I like to think I am a pretty good mom. Sure, I could be better but there is room for improvement in all aspects of life. One of my greatest strengths as a mom is accepting who my daughter is and allowing her as much freedom as I deem safe. Sometimes this attitude works out better than other times. Sometimes I get tested as a mommy and pass, and sometimes I get tested and fail. Tonight I failed.

Bathtime is a little different in our house. Sam quickly outgrew the infant tub so I started bringing her into the shower with me, until she got too squirmy to safely handle. Squirmy and soapy is a bad combination. By this point we had moved to our new home in NJ with a deep double kitchen sink. I started bathing her in the sink, which worked out well until Sam became fascinated with the shiny faucet. She started turning the water on, and pulling the spout into her half of the sink. Since I always put her in the left side (the dish drain being on the right side) it was only a matter of time before she scalded herself with the hot water. Now what? Sam was sitting up well but still fell over a lot so bathing her in the bathtub was painful on my back and I always ended up soaked so I started getting in the tub with her, and this is the system we stuck with. She sits in between my outstretched legs and we have a nice, relaxing time at the end of each day playing in the water.

At the conclusion of the bath, I wrap Sam in a towel and place her in the bouncy seat while I dry off and get dressed. Lately she has gotten impatient and has been climbing out of the seat to run around naked, squealing with excitement as she goes. She runs to the door and opens it up so she can run around the hallway, overjoyed in her naked glory. When J is home I call him up the stairs and they play their little game through the railing. He stands on the stairs and she runs up to grab his nose, then runs off squealing and giggling.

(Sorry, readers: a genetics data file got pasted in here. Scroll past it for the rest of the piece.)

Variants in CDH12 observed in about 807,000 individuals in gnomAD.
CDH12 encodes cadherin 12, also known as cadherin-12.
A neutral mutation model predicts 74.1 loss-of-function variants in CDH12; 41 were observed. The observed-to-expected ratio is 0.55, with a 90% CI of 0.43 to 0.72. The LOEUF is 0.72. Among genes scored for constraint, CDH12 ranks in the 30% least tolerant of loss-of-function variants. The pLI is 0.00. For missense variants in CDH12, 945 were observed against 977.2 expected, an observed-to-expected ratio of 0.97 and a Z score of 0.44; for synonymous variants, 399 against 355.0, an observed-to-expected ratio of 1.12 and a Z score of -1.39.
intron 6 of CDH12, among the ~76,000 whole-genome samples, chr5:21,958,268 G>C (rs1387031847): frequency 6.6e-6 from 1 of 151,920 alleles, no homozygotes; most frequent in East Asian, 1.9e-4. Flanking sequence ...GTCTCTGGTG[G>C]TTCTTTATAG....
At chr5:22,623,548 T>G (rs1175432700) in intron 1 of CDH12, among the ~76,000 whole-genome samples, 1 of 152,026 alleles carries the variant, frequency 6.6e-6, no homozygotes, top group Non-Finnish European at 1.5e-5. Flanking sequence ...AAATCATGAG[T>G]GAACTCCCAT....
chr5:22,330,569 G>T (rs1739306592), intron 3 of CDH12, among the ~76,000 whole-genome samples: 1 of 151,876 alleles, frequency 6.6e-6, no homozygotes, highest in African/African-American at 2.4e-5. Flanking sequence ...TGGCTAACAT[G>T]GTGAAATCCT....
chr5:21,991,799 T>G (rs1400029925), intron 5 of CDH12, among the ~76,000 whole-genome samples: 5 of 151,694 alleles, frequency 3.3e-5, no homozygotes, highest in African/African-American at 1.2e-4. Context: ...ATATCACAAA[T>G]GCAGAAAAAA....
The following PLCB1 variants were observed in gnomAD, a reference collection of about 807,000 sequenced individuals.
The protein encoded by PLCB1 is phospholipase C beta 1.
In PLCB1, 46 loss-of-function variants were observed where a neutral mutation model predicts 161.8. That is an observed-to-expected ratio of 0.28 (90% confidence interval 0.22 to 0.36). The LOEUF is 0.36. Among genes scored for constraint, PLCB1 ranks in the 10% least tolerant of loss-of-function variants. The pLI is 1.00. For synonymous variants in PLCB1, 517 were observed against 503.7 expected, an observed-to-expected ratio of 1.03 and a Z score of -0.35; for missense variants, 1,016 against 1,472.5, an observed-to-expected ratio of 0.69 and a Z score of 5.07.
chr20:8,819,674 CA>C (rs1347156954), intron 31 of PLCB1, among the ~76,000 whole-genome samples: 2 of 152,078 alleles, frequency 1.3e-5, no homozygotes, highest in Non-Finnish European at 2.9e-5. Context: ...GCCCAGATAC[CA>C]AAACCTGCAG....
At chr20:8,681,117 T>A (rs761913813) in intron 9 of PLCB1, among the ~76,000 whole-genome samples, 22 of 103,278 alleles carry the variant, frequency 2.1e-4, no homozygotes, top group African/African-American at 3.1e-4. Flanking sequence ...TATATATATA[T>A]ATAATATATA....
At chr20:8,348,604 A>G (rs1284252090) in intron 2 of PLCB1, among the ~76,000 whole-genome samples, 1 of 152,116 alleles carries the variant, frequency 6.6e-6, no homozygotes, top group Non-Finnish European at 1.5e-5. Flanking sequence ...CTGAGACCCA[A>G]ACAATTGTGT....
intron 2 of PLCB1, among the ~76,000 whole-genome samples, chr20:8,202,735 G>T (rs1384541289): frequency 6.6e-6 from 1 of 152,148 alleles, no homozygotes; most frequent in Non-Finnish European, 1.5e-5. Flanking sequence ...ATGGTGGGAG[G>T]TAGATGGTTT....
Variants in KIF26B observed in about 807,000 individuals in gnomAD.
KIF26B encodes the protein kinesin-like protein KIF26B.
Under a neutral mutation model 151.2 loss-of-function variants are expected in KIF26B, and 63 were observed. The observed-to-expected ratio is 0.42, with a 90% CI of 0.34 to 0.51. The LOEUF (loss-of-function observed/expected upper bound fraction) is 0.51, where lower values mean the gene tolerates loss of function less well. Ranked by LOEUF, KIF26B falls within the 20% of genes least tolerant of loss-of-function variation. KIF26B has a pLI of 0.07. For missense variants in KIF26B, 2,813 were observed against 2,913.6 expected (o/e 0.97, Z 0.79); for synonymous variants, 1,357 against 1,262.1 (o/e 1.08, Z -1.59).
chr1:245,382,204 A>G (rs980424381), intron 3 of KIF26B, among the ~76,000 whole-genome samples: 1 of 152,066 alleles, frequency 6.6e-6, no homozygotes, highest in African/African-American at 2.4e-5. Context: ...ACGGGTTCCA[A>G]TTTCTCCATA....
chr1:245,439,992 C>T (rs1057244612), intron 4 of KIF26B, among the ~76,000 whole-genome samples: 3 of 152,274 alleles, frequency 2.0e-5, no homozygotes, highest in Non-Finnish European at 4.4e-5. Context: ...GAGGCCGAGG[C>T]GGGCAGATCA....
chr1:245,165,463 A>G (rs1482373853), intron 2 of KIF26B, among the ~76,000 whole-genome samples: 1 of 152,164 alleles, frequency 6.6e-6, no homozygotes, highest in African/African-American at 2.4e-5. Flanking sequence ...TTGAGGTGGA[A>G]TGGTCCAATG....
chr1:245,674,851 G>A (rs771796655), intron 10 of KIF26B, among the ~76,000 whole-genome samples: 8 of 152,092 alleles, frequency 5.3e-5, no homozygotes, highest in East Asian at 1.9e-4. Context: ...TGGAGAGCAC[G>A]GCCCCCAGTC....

Is there anything as simple and joyful as a naked baby? Wet hair all a mess, completely secure in her life and our love, Sam runs around giggling in these few minutes of freedom from clothing and diaper. J & I giggle ourselves as she is just so darn cute! How could one not share in her joy?

It's all fun and games until she pees on the floor is what I think. J is convinced she is going to poop on the floor, which I of course will have the honor of cleaning up since it is I who allow this behavior. Since she pees without warning I am still convinced the floors will first be christened with urine, and I'm not wrong. Tonight, as I was lotioning my face I hear her fall and turn to see she has peed on the bathroom floor and then slipped in her own pee. I've already cleaned up the bathroom from the bath so the shower curtain is drawn and the tub mat picked up. I scoop her up (not holding her close - I'm in fresh clothes and Sam is partially covered in pee, after all) and push the curtain in to plop her in the tub. I start the water to clean her off, still not having drawn back the shower curtain, and she starts to cry. Not just her whimpery, things-not-going-her-way cry but a real, upset/hurt cry.